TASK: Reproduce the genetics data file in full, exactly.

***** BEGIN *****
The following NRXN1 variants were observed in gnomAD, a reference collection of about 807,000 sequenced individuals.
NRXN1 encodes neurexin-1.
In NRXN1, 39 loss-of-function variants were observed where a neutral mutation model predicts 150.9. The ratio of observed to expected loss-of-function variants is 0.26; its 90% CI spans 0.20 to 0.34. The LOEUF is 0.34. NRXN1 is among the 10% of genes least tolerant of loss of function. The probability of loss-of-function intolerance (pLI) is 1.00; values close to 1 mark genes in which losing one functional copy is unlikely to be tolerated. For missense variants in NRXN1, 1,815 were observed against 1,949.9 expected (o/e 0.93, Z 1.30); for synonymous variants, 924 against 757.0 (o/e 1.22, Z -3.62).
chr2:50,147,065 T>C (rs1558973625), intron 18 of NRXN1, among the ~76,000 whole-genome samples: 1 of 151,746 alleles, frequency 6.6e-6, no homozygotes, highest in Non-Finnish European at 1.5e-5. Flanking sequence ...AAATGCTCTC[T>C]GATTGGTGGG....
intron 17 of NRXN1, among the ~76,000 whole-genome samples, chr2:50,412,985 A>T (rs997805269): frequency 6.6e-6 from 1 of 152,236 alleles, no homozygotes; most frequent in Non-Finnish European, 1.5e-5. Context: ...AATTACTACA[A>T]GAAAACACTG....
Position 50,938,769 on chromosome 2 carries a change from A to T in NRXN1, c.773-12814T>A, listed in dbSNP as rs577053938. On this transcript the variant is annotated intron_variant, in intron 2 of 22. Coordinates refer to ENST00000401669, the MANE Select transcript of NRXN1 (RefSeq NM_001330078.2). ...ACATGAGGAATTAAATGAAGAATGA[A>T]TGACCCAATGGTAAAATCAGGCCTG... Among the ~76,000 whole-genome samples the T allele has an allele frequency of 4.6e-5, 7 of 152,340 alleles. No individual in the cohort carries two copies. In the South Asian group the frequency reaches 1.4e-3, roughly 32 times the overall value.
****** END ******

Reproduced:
The following NRXN1 variants were observed in gnomAD, a reference collection of about 807,000 sequenced individuals.
NRXN1 encodes neurexin-1.
In NRXN1, 39 loss-of-function variants were observed where a neutral mutation model predicts 150.9. The ratio of observed to expected loss-of-function variants is 0.26; its 90% CI spans 0.20 to 0.34. The LOEUF is 0.34. NRXN1 is among the 10% of genes least tolerant of loss of function. The probability of loss-of-function intolerance (pLI) is 1.00; values close to 1 mark genes in which losing one functional copy is unlikely to be tolerated. For missense variants in NRXN1, 1,815 were observed against 1,949.9 expected (o/e 0.93, Z 1.30); for synonymous variants, 924 against 757.0 (o/e 1.22, Z -3.62).
chr2:50,147,065 T>C (rs1558973625), intron 18 of NRXN1, among the ~76,000 whole-genome samples: 1 of 151,746 alleles, frequency 6.6e-6, no homozygotes, highest in Non-Finnish European at 1.5e-5. Flanking sequence ...AAATGCTCTC[T>C]GATTGGTGGG....
intron 17 of NRXN1, among the ~76,000 whole-genome samples, chr2:50,412,985 A>T (rs997805269): frequency 6.6e-6 from 1 of 152,236 alleles, no homozygotes; most frequent in Non-Finnish European, 1.5e-5. Context: ...AATTACTACA[A>T]GAAAACACTG....
Position 50,938,769 on chromosome 2 carries a change from A to T in NRXN1, c.773-12814T>A, listed in dbSNP as rs577053938. On this transcript the variant is annotated intron_variant, in intron 2 of 22. Coordinates refer to ENST00000401669, the MANE Select transcript of NRXN1 (RefSeq NM_001330078.2). ...ACATGAGGAATTAAATGAAGAATGA[A>T]TGACCCAATGGTAAAATCAGGCCTG... Among the ~76,000 whole-genome samples the T allele has an allele frequency of 4.6e-5, 7 of 152,340 alleles. No individual in the cohort carries two copies. In the South Asian group the frequency reaches 1.4e-3, roughly 32 times the overall value.